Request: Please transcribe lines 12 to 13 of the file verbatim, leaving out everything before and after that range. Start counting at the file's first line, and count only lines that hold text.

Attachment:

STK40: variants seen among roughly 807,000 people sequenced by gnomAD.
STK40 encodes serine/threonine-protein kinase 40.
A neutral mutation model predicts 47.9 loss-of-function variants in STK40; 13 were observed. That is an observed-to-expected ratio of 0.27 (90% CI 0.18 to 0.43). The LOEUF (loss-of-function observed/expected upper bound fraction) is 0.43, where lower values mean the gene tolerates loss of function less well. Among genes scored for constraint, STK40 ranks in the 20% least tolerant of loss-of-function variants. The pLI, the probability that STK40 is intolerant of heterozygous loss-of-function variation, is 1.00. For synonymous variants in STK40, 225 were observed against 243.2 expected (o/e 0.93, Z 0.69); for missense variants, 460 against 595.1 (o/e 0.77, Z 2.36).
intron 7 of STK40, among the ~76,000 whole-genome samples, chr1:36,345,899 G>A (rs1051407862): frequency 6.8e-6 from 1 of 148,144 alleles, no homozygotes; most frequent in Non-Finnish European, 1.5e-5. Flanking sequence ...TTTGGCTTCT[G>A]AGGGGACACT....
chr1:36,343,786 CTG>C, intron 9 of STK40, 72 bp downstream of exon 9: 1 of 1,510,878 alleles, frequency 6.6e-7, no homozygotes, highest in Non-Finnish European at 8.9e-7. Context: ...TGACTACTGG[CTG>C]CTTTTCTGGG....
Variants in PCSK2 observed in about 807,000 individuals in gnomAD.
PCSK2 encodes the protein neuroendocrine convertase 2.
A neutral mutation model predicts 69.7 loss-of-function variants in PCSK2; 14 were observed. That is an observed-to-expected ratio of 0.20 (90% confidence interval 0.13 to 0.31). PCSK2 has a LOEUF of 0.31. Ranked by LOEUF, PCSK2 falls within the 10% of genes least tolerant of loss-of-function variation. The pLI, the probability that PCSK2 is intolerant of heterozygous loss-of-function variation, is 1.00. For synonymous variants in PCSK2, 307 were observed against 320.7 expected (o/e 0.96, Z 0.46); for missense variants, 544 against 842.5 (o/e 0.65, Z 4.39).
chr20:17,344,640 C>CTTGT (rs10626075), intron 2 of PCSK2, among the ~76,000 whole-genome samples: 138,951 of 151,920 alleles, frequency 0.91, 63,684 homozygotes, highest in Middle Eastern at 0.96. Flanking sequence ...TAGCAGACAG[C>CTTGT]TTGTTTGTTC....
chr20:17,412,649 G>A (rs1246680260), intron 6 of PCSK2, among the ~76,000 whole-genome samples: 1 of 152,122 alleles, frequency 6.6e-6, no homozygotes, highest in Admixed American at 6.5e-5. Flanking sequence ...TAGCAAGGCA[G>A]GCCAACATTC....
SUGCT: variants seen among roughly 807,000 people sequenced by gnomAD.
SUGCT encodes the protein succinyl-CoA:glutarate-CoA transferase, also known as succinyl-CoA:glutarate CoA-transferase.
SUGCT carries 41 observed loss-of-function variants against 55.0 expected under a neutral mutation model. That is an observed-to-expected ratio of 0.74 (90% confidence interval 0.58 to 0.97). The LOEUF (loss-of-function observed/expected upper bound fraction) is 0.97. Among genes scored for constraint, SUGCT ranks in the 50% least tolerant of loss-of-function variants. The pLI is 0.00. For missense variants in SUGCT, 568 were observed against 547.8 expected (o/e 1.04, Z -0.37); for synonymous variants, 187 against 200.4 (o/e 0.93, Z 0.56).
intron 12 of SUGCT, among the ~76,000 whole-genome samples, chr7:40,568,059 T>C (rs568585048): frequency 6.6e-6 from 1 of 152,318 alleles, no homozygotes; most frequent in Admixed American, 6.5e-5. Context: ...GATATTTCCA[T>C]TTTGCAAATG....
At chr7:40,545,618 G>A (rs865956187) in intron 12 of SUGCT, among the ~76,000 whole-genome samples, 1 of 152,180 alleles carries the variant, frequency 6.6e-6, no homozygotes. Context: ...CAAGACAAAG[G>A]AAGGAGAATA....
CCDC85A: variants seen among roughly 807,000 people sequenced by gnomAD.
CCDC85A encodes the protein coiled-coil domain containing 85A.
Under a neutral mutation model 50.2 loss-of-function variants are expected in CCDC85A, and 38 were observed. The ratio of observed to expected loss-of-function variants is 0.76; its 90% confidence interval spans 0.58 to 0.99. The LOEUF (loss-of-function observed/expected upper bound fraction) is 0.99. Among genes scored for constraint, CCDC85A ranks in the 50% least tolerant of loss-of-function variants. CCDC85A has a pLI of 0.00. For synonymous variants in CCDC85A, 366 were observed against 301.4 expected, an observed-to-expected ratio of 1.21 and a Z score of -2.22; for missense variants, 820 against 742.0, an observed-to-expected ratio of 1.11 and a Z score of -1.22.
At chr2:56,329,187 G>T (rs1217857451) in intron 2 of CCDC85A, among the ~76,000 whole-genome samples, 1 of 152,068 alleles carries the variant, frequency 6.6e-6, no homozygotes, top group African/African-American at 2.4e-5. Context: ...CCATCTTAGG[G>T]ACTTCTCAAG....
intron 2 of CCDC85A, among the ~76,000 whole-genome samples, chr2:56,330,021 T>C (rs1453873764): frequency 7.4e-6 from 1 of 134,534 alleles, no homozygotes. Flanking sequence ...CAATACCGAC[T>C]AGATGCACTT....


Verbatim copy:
SUGCT encodes the protein succinyl-CoA:glutarate-CoA transferase, also known as succinyl-CoA:glutarate CoA-transferase.
SUGCT carries 41 observed loss-of-function variants against 55.0 expected under a neutral mutation model. That is an observed-to-expected ratio of 0.74 (90% confidence interval 0.58 to 0.97). The LOEUF (loss-of-function observed/expected upper bound fraction) is 0.97. Among genes scored for constraint, SUGCT ranks in the 50% least tolerant of loss-of-function variants. The pLI is 0.00. For missense variants in SUGCT, 568 were observed against 547.8 expected (o/e 1.04, Z -0.37); for synonymous variants, 187 against 200.4 (o/e 0.93, Z 0.56).